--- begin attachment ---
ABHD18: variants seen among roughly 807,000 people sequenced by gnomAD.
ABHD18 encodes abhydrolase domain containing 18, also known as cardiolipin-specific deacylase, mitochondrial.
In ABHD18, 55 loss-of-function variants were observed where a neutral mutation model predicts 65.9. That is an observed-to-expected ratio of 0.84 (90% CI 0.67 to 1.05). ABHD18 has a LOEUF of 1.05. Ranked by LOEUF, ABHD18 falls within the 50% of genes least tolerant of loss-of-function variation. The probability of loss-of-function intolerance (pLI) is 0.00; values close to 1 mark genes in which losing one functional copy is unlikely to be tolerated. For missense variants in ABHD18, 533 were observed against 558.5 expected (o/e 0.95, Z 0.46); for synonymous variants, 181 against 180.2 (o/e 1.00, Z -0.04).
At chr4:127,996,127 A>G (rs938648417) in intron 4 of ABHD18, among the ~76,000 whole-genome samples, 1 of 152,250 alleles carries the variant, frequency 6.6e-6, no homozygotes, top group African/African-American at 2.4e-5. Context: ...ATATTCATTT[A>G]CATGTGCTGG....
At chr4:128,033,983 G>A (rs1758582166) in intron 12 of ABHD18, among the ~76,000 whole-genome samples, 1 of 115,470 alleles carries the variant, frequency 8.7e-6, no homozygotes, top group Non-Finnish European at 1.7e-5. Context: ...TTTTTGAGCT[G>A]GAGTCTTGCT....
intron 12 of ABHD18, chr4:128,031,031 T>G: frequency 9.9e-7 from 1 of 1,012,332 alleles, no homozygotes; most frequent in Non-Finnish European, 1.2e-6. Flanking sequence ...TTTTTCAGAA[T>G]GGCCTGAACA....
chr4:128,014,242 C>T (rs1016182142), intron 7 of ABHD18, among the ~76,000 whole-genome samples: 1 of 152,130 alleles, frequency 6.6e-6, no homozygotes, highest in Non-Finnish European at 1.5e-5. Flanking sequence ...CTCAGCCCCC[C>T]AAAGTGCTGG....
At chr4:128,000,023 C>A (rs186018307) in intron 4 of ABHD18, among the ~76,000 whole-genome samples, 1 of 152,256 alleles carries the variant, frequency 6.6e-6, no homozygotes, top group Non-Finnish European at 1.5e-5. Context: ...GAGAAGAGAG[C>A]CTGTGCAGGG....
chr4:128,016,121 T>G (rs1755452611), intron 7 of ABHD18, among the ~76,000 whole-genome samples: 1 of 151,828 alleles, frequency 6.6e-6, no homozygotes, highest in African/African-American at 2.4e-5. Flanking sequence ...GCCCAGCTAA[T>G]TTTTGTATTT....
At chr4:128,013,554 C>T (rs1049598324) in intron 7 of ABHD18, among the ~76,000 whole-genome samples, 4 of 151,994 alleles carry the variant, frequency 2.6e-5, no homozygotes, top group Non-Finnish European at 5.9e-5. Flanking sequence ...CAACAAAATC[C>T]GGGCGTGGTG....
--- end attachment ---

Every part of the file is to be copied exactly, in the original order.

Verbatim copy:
ABHD18: variants seen among roughly 807,000 people sequenced by gnomAD.
ABHD18 encodes abhydrolase domain containing 18, also known as cardiolipin-specific deacylase, mitochondrial.
In ABHD18, 55 loss-of-function variants were observed where a neutral mutation model predicts 65.9. That is an observed-to-expected ratio of 0.84 (90% CI 0.67 to 1.05). ABHD18 has a LOEUF of 1.05. Ranked by LOEUF, ABHD18 falls within the 50% of genes least tolerant of loss-of-function variation. The probability of loss-of-function intolerance (pLI) is 0.00; values close to 1 mark genes in which losing one functional copy is unlikely to be tolerated. For missense variants in ABHD18, 533 were observed against 558.5 expected (o/e 0.95, Z 0.46); for synonymous variants, 181 against 180.2 (o/e 1.00, Z -0.04).
At chr4:127,996,127 A>G (rs938648417) in intron 4 of ABHD18, among the ~76,000 whole-genome samples, 1 of 152,250 alleles carries the variant, frequency 6.6e-6, no homozygotes, top group African/African-American at 2.4e-5. Context: ...ATATTCATTT[A>G]CATGTGCTGG....
At chr4:128,033,983 G>A (rs1758582166) in intron 12 of ABHD18, among the ~76,000 whole-genome samples, 1 of 115,470 alleles carries the variant, frequency 8.7e-6, no homozygotes, top group Non-Finnish European at 1.7e-5. Context: ...TTTTTGAGCT[G>A]GAGTCTTGCT....
intron 12 of ABHD18, chr4:128,031,031 T>G: frequency 9.9e-7 from 1 of 1,012,332 alleles, no homozygotes; most frequent in Non-Finnish European, 1.2e-6. Flanking sequence ...TTTTTCAGAA[T>G]GGCCTGAACA....
chr4:128,014,242 C>T (rs1016182142), intron 7 of ABHD18, among the ~76,000 whole-genome samples: 1 of 152,130 alleles, frequency 6.6e-6, no homozygotes, highest in Non-Finnish European at 1.5e-5. Flanking sequence ...CTCAGCCCCC[C>T]AAAGTGCTGG....
At chr4:128,000,023 C>A (rs186018307) in intron 4 of ABHD18, among the ~76,000 whole-genome samples, 1 of 152,256 alleles carries the variant, frequency 6.6e-6, no homozygotes, top group Non-Finnish European at 1.5e-5. Context: ...GAGAAGAGAG[C>A]CTGTGCAGGG....
chr4:128,016,121 T>G (rs1755452611), intron 7 of ABHD18, among the ~76,000 whole-genome samples: 1 of 151,828 alleles, frequency 6.6e-6, no homozygotes, highest in African/African-American at 2.4e-5. Flanking sequence ...GCCCAGCTAA[T>G]TTTTGTATTT....
At chr4:128,013,554 C>T (rs1049598324) in intron 7 of ABHD18, among the ~76,000 whole-genome samples, 4 of 151,994 alleles carry the variant, frequency 2.6e-5, no homozygotes, top group Non-Finnish European at 5.9e-5. Flanking sequence ...CAACAAAATC[C>T]GGGCGTGGTG....